A Modern Twist to Edo-style Sushi


In a quiet residential area in Oomori Kaigan stands a sukiya-zukuri Japanese house. (Sukiya-zukuri are houses influenced by tea house architecture).

Matsunozushi started in 1910 as a sushi street stall in the Shibashinmei area of Tokyo. The second generation owner of Matsunozushi moved it to Oomori Kaigan. As a young child, the fourth generation and current owner-chef, Mr. Yoshi Tezuka, accompanied his father to purchase fish. He learned how to expertly choose fish and once he started school he began learning how to properly use a knife. On a mission to convey sushi culture to the world and to learn about different cultures and hospitality, he spent four years as a professional ski guide in Europe and North America. Yoshi takes advantage of his cross-cultural communication skills by serving guests from all over the world on a daily basis.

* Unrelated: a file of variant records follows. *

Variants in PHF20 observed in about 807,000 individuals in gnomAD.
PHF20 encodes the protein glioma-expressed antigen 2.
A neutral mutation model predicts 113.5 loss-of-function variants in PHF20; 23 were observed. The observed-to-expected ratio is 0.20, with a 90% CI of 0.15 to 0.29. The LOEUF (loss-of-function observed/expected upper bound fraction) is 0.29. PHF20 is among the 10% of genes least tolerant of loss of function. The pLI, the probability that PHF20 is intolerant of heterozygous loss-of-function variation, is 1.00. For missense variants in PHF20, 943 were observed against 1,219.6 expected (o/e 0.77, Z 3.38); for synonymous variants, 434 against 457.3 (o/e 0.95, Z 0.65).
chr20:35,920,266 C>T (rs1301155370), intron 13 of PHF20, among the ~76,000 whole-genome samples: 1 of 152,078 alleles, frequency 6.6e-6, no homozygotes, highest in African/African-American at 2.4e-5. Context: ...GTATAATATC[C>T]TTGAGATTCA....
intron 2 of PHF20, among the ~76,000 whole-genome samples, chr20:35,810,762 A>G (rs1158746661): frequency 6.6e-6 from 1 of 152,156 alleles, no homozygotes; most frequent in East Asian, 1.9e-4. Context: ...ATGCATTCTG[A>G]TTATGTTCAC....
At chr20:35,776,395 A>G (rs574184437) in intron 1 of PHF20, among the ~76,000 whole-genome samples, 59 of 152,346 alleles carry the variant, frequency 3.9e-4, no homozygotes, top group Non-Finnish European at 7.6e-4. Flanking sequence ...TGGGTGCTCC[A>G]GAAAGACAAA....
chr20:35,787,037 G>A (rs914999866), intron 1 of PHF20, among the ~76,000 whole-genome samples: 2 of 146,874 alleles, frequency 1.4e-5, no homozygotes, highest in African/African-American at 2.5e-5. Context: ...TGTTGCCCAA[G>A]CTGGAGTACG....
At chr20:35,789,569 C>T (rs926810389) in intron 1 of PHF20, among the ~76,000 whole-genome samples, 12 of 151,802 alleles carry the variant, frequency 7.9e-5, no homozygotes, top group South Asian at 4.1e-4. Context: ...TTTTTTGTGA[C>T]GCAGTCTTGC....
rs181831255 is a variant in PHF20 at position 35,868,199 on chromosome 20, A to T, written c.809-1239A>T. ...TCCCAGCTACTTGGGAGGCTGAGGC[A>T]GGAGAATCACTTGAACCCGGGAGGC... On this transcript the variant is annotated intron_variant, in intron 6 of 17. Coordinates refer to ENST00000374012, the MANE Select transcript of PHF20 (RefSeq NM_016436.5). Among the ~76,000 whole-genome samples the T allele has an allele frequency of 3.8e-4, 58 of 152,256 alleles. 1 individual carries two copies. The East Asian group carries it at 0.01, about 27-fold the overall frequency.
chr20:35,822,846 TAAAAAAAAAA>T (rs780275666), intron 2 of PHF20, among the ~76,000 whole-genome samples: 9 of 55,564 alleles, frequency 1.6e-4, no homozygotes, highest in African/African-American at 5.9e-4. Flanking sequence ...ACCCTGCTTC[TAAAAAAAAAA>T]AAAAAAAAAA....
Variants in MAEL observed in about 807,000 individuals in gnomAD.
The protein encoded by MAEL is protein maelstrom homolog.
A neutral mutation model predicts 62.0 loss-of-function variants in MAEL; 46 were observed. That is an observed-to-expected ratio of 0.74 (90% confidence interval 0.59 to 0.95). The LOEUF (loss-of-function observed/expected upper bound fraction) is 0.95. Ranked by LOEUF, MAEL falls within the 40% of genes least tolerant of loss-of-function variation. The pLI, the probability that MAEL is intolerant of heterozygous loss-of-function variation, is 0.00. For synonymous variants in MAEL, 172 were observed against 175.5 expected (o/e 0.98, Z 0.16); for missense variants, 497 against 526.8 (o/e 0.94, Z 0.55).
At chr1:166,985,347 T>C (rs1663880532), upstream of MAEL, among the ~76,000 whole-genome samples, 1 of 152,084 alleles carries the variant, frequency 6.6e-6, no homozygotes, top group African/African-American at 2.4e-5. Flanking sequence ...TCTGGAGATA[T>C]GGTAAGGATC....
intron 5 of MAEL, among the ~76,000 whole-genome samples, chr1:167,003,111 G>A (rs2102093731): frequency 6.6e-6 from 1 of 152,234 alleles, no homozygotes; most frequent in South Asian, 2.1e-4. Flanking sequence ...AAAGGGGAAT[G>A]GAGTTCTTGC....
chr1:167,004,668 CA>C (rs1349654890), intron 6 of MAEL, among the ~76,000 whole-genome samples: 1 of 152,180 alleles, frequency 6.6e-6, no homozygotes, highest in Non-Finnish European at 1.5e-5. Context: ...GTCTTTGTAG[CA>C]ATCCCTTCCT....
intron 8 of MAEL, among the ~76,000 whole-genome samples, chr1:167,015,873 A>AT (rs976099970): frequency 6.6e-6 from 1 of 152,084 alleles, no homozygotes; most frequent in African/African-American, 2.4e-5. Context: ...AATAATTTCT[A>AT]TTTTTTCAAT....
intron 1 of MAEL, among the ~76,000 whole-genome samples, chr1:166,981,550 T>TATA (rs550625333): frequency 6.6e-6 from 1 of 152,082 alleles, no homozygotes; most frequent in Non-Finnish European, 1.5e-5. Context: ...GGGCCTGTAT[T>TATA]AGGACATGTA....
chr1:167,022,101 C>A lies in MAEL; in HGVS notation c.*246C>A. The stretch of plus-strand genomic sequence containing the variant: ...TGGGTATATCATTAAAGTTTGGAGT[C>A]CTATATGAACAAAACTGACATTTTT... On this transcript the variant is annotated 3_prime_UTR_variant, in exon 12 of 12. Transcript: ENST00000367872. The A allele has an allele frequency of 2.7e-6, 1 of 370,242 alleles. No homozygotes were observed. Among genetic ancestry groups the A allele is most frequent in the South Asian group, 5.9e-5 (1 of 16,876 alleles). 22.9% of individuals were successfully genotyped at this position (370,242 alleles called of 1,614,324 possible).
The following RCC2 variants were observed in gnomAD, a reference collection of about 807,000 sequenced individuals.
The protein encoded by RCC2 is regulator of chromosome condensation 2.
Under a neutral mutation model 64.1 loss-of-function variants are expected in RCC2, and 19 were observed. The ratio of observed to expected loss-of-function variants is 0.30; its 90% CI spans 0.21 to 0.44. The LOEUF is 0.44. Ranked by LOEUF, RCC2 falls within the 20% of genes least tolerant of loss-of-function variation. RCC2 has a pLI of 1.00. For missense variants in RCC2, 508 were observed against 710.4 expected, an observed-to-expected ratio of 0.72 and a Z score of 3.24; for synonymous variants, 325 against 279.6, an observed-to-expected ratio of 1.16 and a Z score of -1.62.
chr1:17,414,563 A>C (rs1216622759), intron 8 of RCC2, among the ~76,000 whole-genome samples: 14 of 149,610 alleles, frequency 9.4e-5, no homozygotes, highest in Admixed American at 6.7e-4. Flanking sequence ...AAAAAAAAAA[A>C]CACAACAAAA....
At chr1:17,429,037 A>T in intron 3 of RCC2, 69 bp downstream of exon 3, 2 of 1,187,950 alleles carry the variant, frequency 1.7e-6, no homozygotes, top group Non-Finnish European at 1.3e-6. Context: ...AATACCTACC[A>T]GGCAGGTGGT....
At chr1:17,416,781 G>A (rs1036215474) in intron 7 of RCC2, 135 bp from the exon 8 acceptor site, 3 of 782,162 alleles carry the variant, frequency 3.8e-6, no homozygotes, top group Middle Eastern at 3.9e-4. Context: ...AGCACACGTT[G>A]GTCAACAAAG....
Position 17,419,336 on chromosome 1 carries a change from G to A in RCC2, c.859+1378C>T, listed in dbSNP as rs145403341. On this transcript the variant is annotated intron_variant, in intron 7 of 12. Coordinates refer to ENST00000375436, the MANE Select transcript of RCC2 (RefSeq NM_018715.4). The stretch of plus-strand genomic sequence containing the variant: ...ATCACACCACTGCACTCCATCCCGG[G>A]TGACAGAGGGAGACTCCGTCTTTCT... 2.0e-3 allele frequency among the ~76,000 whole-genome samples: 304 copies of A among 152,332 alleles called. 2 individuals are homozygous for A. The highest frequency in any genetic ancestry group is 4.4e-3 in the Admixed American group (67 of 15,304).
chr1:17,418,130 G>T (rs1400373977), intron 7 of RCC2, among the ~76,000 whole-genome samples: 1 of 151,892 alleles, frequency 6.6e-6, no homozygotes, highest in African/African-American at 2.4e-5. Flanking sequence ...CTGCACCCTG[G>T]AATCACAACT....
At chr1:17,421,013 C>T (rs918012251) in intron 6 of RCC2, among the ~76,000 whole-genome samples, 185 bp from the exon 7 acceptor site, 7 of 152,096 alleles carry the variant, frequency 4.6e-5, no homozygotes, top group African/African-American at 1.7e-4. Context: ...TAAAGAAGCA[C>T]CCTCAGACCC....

One of the special items on the menu is the Omakase Course with an English explanation for overseas guests. This is a tailor-made course for guests that can accommodate religious or lifestyle dietary restrictions. Also, while serving guests, the fourth generation chef-owner, Yoshi, will provide an explanation in English about the history and culture of sushi and differences in the areas where the fish comes from. Matsunozushi can make possible such a special course because of the owner’s strong commitment to not just giving his guests a meal but having them learn about and enjoy Japanese food.

Matsunozushi, through which Edo (former name of Tokyo) restaurant culture and Edo-style sushi has been passed down over the years, will continue to deliver its message to the world through its sushi.

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